A Look Back

I came across this page from an 1897 Sears Catalog the other day, and I just wanted to share it as a novelty of a time where you could actually order by mail, and were even encouraged to bulk buy with neighbors.


I think my favorite listing is the one with the line, “Nothing like it ever retailed for less than $5.00.” I also find it amusing how much of a drastic price increase it was (41%!) to get the pearl handle instead of rubber.

19 thoughts on “A Look Back”

  1. Don’t look up those old Century Arms ones from before the GCA of 1968, they’ll make you cry….same with the Hunting Lodge and a few others.

    I had a copy of the 1898 one which advised that the War with Spain would not affect “Cigar availability at all!” Gave me a good chuckle.

  2. I think a retro-style revolver, five-shot single-action spur-trigger in a modern caliber like .32 mag or .327 mag with modern lockwork, would be very cool.

    1. agreed. i’d totally carry a Defender. thinner cylinder and grip, longish barrel is something i’ve looked for in a carry revolver.

    1. Here’s an interesting chart of inflation 1800-2005. Notice how inflation was consistent up until several things happened in the 1910s: the Fed, income tax, and WW I. Up until then, there was an inflation bubble around the 1812 and 1860 wars. But there was no post-WW I deflation, and after WW II it started climbing and has never looked back.

      Take from that what you will … I like the idea of prices being so consistent before then.

    2. Wages are a cost that can inflate as well, so make sure you also keep in mind how much wages have increased during that time. People weren’t earning $50,000 a year back then.

  3. I can only assume that in 1897 there were two to three mass shootings a week. I mean, there have to have been, right?

    1. In 1897, convicted murderers were hanged publicly at the county courthouses across the land, and usually this was done within a month of the sentencing, too.

      I read somewhere online, last year, I think, about all ten (Yes, I said ten.) of the murder cases during the entirety of the 19th century in Lackawanna County, Pennsylvania. All ten of the men convicted in these cases were hanged at the gallows at the top of the steps of the courthouse. And as liberals might call it, America was “awash in guns” during the entirety of the 19th century.

  4. “I also find it amusing how much of a drastic price increase it was (41%!) to get the pearl handle instead of rubber.”

    I imagine it was because it was real mother of pearl back then, instead of the plastic facsimile. And the real thing was probably harder to get back then.

  5. Order by mail in 1897? Hell, I can remember my dad doing it in 1957!

    Being able to remember firsthand when there was still some semblance of real firearms freedom, is what keeps me from being suitably impressed with any claims that we have been making “progress” in recent years. I saw times that will not return in this country during the lives of anyone reading this.

    But just for memory-lane stuff: I still have the shotgun my dad bought for his kid brother, c. 1934. It cost $7 new and family lore is that their father had a fit over my dad spending that much money; my dad replied, “I can go out on the street anytime and get almost that much back for it; why don’t you go get back some of the money you spent playing the numbers?” Dad’s gone and his kid brother is now in his 90s, but we still sit and reminisce about shots made with that old $7 gun.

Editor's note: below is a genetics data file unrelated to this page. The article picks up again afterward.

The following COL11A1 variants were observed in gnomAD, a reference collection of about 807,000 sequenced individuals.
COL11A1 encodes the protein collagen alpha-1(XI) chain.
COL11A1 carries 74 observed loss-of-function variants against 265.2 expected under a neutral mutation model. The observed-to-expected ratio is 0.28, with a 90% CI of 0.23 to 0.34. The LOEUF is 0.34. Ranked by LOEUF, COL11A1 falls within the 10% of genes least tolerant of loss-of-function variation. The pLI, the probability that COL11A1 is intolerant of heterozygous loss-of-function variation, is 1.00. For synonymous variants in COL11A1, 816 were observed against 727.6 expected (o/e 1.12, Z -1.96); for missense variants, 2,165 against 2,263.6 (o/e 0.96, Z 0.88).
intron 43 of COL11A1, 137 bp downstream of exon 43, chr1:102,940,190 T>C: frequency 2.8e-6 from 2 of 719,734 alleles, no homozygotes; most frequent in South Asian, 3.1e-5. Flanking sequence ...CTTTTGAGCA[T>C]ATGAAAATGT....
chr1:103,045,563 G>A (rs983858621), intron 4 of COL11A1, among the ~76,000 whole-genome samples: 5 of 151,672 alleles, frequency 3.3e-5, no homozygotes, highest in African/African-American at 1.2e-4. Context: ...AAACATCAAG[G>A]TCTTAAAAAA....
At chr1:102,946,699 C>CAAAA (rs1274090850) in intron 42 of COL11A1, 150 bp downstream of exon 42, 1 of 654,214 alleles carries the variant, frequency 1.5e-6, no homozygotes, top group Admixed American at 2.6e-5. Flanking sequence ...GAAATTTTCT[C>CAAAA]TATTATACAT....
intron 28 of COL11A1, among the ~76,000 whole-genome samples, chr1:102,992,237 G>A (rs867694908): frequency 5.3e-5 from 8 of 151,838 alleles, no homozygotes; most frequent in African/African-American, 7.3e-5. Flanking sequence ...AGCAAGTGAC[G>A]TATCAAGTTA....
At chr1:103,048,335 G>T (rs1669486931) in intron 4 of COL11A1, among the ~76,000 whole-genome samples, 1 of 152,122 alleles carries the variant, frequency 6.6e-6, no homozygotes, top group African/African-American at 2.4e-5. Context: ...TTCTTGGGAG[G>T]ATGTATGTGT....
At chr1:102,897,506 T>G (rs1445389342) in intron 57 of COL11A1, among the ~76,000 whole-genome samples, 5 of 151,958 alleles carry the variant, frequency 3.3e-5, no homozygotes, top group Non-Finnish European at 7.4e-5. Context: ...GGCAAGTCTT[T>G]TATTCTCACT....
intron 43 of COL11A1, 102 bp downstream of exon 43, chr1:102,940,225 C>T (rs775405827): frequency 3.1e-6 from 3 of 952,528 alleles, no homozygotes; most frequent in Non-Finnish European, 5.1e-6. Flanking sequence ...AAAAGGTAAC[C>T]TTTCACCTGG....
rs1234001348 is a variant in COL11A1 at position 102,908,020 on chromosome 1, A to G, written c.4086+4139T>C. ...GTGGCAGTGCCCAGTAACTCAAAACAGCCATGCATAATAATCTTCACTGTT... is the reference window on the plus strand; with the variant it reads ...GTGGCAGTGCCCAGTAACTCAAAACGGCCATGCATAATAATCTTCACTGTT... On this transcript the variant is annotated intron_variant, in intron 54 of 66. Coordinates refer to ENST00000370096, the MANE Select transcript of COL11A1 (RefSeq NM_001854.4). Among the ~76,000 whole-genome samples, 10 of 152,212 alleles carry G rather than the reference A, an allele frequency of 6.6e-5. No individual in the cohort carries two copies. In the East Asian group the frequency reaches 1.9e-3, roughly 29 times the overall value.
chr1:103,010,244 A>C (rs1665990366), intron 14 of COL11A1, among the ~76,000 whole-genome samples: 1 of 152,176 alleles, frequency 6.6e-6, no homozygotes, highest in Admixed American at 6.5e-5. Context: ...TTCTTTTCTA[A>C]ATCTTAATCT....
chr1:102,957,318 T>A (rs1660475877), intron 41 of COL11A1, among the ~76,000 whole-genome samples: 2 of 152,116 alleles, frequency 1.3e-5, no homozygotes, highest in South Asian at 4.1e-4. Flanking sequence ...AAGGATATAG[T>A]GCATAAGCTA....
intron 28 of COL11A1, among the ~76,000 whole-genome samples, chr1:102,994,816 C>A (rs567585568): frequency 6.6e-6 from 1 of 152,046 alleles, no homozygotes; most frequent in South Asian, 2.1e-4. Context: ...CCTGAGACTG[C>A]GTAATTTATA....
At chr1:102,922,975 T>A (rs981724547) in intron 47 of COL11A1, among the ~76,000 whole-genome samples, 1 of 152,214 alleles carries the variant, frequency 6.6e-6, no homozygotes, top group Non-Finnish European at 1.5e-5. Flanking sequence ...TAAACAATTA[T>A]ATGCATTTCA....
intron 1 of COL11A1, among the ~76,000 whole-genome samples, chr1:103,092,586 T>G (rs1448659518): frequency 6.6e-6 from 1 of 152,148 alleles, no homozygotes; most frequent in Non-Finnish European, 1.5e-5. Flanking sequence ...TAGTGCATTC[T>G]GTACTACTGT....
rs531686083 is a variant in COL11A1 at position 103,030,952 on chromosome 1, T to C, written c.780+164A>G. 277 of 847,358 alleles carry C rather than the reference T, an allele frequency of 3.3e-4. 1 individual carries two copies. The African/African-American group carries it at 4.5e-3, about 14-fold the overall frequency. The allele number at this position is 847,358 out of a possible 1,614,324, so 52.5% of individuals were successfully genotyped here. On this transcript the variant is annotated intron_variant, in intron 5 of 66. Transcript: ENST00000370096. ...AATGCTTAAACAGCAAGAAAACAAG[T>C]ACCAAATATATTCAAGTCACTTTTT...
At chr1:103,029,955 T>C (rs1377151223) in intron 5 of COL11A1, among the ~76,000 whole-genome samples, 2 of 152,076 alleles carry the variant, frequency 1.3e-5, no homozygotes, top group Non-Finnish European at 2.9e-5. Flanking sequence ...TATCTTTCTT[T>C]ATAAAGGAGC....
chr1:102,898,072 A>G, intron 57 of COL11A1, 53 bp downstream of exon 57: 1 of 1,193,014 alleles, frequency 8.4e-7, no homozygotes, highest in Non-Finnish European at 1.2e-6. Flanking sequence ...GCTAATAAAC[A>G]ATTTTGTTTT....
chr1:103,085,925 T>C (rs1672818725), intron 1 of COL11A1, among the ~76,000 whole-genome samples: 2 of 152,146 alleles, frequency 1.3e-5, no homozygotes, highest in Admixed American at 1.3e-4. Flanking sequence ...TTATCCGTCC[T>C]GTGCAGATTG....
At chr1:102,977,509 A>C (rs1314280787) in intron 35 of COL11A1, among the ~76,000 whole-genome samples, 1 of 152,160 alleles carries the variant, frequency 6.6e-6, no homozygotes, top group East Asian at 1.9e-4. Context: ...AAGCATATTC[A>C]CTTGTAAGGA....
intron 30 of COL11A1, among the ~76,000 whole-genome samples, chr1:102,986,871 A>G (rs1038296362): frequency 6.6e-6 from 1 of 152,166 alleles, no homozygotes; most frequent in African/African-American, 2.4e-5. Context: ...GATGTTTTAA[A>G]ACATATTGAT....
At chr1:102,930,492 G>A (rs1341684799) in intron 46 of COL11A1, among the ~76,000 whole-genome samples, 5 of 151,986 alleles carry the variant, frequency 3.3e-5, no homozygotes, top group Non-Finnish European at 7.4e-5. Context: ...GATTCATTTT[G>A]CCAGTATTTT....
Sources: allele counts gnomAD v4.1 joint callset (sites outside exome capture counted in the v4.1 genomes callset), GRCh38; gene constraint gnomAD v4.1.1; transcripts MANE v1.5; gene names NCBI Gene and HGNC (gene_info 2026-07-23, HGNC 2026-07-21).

On the “mass shooting” comment above: I don’t want to sound like I’m arguing against us, but there was a lot of shooting that went unreported, even in the near-mid-20th Century. A family story goes that my grandfather used a pistol like one of those displayed in the ad, when he went out in the yard and shot a drunk who was tearing up his garden. The cops came around and arrested the wounded drunk, without so much as talking to my grandfather. (The neighbors told the cops what had happened.) Today it would be News At 11:00.

    Also illustrative of the times was, that a black guy tried to steal a chicken from a processing plant where one of my father’s friends worked. The guy pulled out a break-open pistol like one of those in the ad, from his overalls, shoved in my dad’s friend’s side, and pulled the trigger twice — snap snap. But the latch had caught coming out of his clothes, the gun had opened ever so slightly, and so it didn’t go off. The workers beat the guy to death with shovels and threw the body on a manure pile behind the plant. It apparently was either picked up or hauled away with the manure, because no questions were ever asked. Another example of an unrecorded statistic.

    I’m not intending to glorify any of that, just commenting that things were not as idyllic as we may want to believe, just because we never hear much about the brutal stuff that went down every day.

  6. Makes me want to put a C-note down on the counter and say “Keep Handing me revolvers until this thing is gone!”

    I did put $1,000 on the counter recently and got TWO pretty nice new revolvers (LCR in .357 and .22 LR) which I like rather a lot more than I’d like these, and I got some ammo.

    So really when you look at inflation things aren’t THAT bad.

  7. A.C.Gould in his book The Modern American Pistol and Revolver written around the same time as this catalog had a good write up of the pocket revolvers of the day from the cheap ones pictured here to the Colt and Smith & Wessons that cost considerably more. Gould’s conclusion was that the more expensive Smiths and Colts were the better gun and worth the extra money.

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